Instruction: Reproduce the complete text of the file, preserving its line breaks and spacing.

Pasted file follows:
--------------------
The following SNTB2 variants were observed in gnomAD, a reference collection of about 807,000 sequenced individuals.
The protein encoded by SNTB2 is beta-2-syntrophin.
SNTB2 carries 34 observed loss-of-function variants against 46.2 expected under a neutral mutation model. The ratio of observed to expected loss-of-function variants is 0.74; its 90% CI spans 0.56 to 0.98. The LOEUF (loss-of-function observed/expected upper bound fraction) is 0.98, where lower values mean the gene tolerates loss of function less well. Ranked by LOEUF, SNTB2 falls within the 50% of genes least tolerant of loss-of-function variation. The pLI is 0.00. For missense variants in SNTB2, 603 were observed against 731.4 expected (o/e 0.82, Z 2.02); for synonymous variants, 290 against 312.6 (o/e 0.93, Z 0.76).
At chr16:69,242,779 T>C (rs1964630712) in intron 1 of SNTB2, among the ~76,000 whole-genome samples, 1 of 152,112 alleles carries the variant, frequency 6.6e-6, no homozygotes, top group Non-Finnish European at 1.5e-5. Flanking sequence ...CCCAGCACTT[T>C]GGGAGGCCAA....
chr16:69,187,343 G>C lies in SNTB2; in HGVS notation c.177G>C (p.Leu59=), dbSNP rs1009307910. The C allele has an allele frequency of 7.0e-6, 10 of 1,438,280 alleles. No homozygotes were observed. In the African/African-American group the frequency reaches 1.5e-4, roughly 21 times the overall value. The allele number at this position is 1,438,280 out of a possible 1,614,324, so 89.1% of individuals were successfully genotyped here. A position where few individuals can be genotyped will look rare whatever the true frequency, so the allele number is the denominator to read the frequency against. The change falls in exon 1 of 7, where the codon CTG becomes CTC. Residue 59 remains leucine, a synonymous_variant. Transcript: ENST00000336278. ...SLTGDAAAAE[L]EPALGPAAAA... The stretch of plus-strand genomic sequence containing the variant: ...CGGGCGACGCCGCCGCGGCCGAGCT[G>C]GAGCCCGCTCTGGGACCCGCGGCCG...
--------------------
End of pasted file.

The following SNTB2 variants were observed in gnomAD, a reference collection of about 807,000 sequenced individuals.
The protein encoded by SNTB2 is beta-2-syntrophin.
SNTB2 carries 34 observed loss-of-function variants against 46.2 expected under a neutral mutation model. The ratio of observed to expected loss-of-function variants is 0.74; its 90% CI spans 0.56 to 0.98. The LOEUF (loss-of-function observed/expected upper bound fraction) is 0.98, where lower values mean the gene tolerates loss of function less well. Ranked by LOEUF, SNTB2 falls within the 50% of genes least tolerant of loss-of-function variation. The pLI is 0.00. For missense variants in SNTB2, 603 were observed against 731.4 expected (o/e 0.82, Z 2.02); for synonymous variants, 290 against 312.6 (o/e 0.93, Z 0.76).
At chr16:69,242,779 T>C (rs1964630712) in intron 1 of SNTB2, among the ~76,000 whole-genome samples, 1 of 152,112 alleles carries the variant, frequency 6.6e-6, no homozygotes, top group Non-Finnish European at 1.5e-5. Flanking sequence ...CCCAGCACTT[T>C]GGGAGGCCAA....
chr16:69,187,343 G>C lies in SNTB2; in HGVS notation c.177G>C (p.Leu59=), dbSNP rs1009307910. The C allele has an allele frequency of 7.0e-6, 10 of 1,438,280 alleles. No homozygotes were observed. In the African/African-American group the frequency reaches 1.5e-4, roughly 21 times the overall value. The allele number at this position is 1,438,280 out of a possible 1,614,324, so 89.1% of individuals were successfully genotyped here. A position where few individuals can be genotyped will look rare whatever the true frequency, so the allele number is the denominator to read the frequency against. The change falls in exon 1 of 7, where the codon CTG becomes CTC. Residue 59 remains leucine, a synonymous_variant. Transcript: ENST00000336278. ...SLTGDAAAAE[L]EPALGPAAAA... The stretch of plus-strand genomic sequence containing the variant: ...CGGGCGACGCCGCCGCGGCCGAGCT[G>C]GAGCCCGCTCTGGGACCCGCGGCCG...